Thursday, August 12, 2010

The Well of Remembrance: Rediscovering the Earth Wisdom Myths of Northern Europe

Book Review - The Well of Remembrance: Rediscovering the Earth Wisdom Myths of Northern Europe by Ralph Metzner (Shambhala 1994)


I really enjoyed this book. It was quite thought-provoking and fascinating. It is divided into two parts: 1) The Indo-European and Nordic-Germanic Peoples and 2) Nordic- Germanic Myths and Their Meaning for Our Time. The first part contains a very nice summary of Neolithic history in Europe based mostly on the work of the controversial Lithuanian archeologist Marija Gimbuta. She postulated a series of Indo-Aryan invasions by nomadic pastoralists from the central Asian steppes who came west due to drought. These shamanistic Kurgans brought a patriarchal society with their sky gods and were greatly aided by the domestication of horses, wheeled chariots, superior weapons, and the military-like strategy of moving their herds. According to her archeological studies primarily in Eastern Europe the cultures there were agricultural matrifocal – goddess oriented and not prone to nor prepared for warring. Over the next few millennia these cultures mixed although the Aryans invaders were dominant. Metzner sees the story of the Aesir and Vanir gods of Nordic-Germanic mythology as a part of this story. The Aesir gods led by Odin were the invaders and the Vanir gods such as Freya and Frey were the local fertility gods. In the myths these god-tribes do battle and eventually reach a truce and intermix trading hostages. The idea of Rituals of Reconciliation based on these stories is seen by the author as having great potential value in healing rifts between peoples and between people and the environment. There is also a nice chart of the Indo-European language families and a great chronology of the pre-history and history of humans mainly from a Euro-centric perspective.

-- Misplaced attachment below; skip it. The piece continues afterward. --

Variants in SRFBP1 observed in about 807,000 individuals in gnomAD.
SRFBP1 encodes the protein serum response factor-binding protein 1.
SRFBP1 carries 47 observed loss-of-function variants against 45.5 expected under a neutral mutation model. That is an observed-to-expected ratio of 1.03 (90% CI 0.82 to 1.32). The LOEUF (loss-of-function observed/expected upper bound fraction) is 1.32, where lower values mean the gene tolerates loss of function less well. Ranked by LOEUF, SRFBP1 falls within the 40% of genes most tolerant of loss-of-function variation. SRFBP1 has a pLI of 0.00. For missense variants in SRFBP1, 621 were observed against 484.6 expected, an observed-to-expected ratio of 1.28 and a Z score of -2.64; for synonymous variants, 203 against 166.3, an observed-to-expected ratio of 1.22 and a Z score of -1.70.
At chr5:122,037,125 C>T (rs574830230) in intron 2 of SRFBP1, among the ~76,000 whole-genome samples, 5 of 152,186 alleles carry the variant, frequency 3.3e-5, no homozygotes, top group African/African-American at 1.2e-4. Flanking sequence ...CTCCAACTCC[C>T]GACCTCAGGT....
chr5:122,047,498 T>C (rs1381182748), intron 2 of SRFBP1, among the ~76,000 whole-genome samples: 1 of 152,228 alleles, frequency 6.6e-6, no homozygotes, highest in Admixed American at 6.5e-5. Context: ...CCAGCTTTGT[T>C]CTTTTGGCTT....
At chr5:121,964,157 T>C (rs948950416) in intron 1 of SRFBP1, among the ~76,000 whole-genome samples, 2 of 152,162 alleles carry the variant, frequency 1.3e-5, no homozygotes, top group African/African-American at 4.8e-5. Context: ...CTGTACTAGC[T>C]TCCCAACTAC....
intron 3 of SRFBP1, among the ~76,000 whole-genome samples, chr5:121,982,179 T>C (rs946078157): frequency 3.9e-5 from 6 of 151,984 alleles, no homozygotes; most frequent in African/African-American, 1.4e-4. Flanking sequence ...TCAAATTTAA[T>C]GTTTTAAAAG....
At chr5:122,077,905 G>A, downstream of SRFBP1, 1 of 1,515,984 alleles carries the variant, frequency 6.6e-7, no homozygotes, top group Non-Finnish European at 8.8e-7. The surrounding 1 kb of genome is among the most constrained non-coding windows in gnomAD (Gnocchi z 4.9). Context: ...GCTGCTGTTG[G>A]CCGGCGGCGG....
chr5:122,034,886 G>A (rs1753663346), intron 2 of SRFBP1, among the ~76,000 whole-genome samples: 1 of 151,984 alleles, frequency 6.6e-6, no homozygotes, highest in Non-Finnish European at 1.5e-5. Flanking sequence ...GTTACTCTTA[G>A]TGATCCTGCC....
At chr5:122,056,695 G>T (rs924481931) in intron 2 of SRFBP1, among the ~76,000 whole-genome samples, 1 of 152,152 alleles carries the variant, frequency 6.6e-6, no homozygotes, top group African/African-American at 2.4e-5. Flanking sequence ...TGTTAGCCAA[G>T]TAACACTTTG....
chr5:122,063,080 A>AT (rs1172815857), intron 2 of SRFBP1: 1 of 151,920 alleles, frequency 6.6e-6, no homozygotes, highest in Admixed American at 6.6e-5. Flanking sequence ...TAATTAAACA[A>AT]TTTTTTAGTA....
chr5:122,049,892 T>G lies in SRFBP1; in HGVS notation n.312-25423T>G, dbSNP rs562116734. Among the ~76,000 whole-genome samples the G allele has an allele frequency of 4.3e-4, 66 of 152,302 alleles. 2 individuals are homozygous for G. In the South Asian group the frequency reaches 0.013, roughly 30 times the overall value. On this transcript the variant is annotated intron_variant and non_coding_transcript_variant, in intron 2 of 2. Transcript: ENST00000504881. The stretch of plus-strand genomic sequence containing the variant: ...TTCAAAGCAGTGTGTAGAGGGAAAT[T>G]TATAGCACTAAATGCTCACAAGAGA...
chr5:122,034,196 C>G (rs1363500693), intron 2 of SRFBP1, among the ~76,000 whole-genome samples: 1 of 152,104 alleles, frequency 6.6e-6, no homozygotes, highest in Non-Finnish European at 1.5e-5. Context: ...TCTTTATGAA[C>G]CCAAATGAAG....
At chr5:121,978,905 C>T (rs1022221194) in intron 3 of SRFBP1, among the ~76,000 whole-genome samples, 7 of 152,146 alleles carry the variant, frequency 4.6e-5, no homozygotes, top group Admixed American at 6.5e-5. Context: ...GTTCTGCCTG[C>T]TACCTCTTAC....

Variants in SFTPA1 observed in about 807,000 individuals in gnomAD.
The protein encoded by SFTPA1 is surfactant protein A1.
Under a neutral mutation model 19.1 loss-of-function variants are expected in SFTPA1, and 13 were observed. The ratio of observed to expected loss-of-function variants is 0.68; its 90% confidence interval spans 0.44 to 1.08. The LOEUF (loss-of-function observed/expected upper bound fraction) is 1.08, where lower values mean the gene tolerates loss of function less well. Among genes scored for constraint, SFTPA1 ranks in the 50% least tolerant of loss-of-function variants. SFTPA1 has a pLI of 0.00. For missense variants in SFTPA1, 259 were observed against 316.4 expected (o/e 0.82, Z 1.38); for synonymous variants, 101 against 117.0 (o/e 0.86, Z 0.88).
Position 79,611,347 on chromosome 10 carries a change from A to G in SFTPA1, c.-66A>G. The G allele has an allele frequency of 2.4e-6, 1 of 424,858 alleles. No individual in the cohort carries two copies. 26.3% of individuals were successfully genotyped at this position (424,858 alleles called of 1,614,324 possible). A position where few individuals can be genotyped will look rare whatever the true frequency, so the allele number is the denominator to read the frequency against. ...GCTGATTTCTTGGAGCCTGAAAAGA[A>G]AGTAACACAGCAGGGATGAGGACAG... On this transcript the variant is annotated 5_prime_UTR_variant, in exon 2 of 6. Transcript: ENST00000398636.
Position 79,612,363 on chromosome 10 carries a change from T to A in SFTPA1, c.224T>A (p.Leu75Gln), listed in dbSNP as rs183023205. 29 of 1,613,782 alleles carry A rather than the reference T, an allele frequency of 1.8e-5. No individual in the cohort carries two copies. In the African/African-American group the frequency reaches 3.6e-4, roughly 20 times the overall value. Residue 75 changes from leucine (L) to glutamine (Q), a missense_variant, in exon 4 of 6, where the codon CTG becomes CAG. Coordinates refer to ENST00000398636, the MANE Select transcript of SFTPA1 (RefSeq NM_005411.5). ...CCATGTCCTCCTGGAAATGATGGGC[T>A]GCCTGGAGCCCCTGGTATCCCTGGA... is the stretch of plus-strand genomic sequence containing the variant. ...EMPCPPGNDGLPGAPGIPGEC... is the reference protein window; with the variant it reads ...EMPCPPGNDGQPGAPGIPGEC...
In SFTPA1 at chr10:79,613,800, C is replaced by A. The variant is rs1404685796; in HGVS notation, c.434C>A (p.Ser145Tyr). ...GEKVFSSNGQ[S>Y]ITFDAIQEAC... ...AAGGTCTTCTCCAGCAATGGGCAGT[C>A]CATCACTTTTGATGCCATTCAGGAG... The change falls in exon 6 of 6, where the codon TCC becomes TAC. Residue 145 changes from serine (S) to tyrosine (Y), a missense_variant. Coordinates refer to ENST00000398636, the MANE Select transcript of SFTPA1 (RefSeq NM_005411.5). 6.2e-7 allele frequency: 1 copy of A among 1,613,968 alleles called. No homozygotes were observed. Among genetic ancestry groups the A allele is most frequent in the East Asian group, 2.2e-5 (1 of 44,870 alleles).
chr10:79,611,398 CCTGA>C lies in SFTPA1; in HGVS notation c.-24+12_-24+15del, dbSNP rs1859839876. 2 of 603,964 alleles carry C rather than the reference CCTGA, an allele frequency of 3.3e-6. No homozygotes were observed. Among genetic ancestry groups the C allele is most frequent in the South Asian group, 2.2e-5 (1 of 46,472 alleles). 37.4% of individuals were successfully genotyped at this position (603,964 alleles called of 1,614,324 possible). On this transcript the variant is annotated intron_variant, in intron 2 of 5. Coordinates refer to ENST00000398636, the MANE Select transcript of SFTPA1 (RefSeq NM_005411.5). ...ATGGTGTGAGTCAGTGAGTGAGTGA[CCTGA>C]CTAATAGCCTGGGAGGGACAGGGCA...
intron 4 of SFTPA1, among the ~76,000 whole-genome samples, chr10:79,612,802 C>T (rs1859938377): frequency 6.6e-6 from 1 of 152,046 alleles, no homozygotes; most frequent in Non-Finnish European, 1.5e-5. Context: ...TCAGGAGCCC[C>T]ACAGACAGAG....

Odin as the wandering seeker of truth and knowledge is a key theme in this book. He practices shamanistic and ecstatic techniques, some perhaps taught to him by the old goddess-oriented society thought to be represented by the Vanir deities. The author relates personally to Odin. Metzner is actually known as a Harvard psychologist who was a grad student of Dr. Timothy Leary and did early experiments with LSD and other hallucinogenic drugs. He relates to Odin mainly in this context of exploring states of consciousness through not only psychedelics but shamanism, Native American vision quests, occultism, yoga, and meditation as well. There are a few chapters by friends of the author mostly about visions they encountered regarding their ancestral past through vision questing.


Key stories of the Eddas are given possible metaphorical interpretations and commentaries. Odin’s self-sacrifice on the great tree of the nine worlds is seen as a shamanistic vision quest which results in his discovery of the runes as a secret language of nature. The story of Odin drinking from the well of Mimir where he must offer one of his eyes as payment is related. Here Odin seeks knowledge of the past and the future – ancestral knowledge – he receives from a volva – a female seer. The volvas or seidrmages are diviners said to be the allied to the Vanir –particularly to Freya. The final reconciliation of the Aesir and Vanir gods involves the creation of the – Mead of Inspiration – where each god spits into the vessel to aid fermentation. This idea of reconciliation rites is apparently important to the author in his psychological practice and in his work reconciling Germans and Holocaust victims under the Nazi regime in his native Germany. There is also a prologue called - the Nazi curse on Germanic Mythology – which documents Nazi and post-Nazi ideas and taboos concerning the myths.